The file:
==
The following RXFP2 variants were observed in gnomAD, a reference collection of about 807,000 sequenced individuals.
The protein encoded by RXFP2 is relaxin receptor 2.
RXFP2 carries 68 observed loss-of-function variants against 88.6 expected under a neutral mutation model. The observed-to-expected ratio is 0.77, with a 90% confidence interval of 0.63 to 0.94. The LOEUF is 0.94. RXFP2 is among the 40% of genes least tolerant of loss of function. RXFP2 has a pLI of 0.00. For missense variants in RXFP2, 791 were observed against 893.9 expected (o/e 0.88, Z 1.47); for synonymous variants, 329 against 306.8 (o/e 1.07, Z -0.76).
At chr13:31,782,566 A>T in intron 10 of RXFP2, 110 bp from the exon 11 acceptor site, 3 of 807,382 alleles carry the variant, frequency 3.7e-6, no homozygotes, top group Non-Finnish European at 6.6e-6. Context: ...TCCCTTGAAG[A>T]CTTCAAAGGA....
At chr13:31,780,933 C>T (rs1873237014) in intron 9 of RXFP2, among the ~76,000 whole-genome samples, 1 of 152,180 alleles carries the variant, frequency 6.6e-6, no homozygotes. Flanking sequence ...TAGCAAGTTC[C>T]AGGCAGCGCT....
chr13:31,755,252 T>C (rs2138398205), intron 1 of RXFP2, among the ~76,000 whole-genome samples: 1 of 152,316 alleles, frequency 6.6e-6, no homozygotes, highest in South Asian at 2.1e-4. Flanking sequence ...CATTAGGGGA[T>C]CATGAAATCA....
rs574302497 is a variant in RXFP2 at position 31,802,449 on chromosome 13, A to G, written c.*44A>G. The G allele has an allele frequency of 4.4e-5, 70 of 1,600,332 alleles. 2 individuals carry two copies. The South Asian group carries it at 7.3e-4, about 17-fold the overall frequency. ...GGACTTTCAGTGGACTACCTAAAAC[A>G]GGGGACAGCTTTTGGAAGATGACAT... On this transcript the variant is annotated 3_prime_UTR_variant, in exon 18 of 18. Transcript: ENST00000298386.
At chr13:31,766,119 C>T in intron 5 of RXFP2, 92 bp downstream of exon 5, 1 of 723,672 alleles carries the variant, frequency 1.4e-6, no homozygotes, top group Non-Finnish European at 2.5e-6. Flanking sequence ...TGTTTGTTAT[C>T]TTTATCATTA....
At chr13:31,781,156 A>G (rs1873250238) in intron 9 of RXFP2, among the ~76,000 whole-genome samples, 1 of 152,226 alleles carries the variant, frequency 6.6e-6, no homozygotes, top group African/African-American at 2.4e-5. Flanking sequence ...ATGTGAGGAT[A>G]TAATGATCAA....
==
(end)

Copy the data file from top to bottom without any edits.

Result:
The following RXFP2 variants were observed in gnomAD, a reference collection of about 807,000 sequenced individuals.
The protein encoded by RXFP2 is relaxin receptor 2.
RXFP2 carries 68 observed loss-of-function variants against 88.6 expected under a neutral mutation model. The observed-to-expected ratio is 0.77, with a 90% confidence interval of 0.63 to 0.94. The LOEUF is 0.94. RXFP2 is among the 40% of genes least tolerant of loss of function. RXFP2 has a pLI of 0.00. For missense variants in RXFP2, 791 were observed against 893.9 expected (o/e 0.88, Z 1.47); for synonymous variants, 329 against 306.8 (o/e 1.07, Z -0.76).
At chr13:31,782,566 A>T in intron 10 of RXFP2, 110 bp from the exon 11 acceptor site, 3 of 807,382 alleles carry the variant, frequency 3.7e-6, no homozygotes, top group Non-Finnish European at 6.6e-6. Context: ...TCCCTTGAAG[A>T]CTTCAAAGGA....
At chr13:31,780,933 C>T (rs1873237014) in intron 9 of RXFP2, among the ~76,000 whole-genome samples, 1 of 152,180 alleles carries the variant, frequency 6.6e-6, no homozygotes. Flanking sequence ...TAGCAAGTTC[C>T]AGGCAGCGCT....
chr13:31,755,252 T>C (rs2138398205), intron 1 of RXFP2, among the ~76,000 whole-genome samples: 1 of 152,316 alleles, frequency 6.6e-6, no homozygotes, highest in South Asian at 2.1e-4. Flanking sequence ...CATTAGGGGA[T>C]CATGAAATCA....
rs574302497 is a variant in RXFP2 at position 31,802,449 on chromosome 13, A to G, written c.*44A>G. The G allele has an allele frequency of 4.4e-5, 70 of 1,600,332 alleles. 2 individuals carry two copies. The South Asian group carries it at 7.3e-4, about 17-fold the overall frequency. ...GGACTTTCAGTGGACTACCTAAAAC[A>G]GGGGACAGCTTTTGGAAGATGACAT... On this transcript the variant is annotated 3_prime_UTR_variant, in exon 18 of 18. Transcript: ENST00000298386.
At chr13:31,766,119 C>T in intron 5 of RXFP2, 92 bp downstream of exon 5, 1 of 723,672 alleles carries the variant, frequency 1.4e-6, no homozygotes, top group Non-Finnish European at 2.5e-6. Flanking sequence ...TGTTTGTTAT[C>T]TTTATCATTA....
At chr13:31,781,156 A>G (rs1873250238) in intron 9 of RXFP2, among the ~76,000 whole-genome samples, 1 of 152,226 alleles carries the variant, frequency 6.6e-6, no homozygotes, top group African/African-American at 2.4e-5. Flanking sequence ...ATGTGAGGAT[A>G]TAATGATCAA....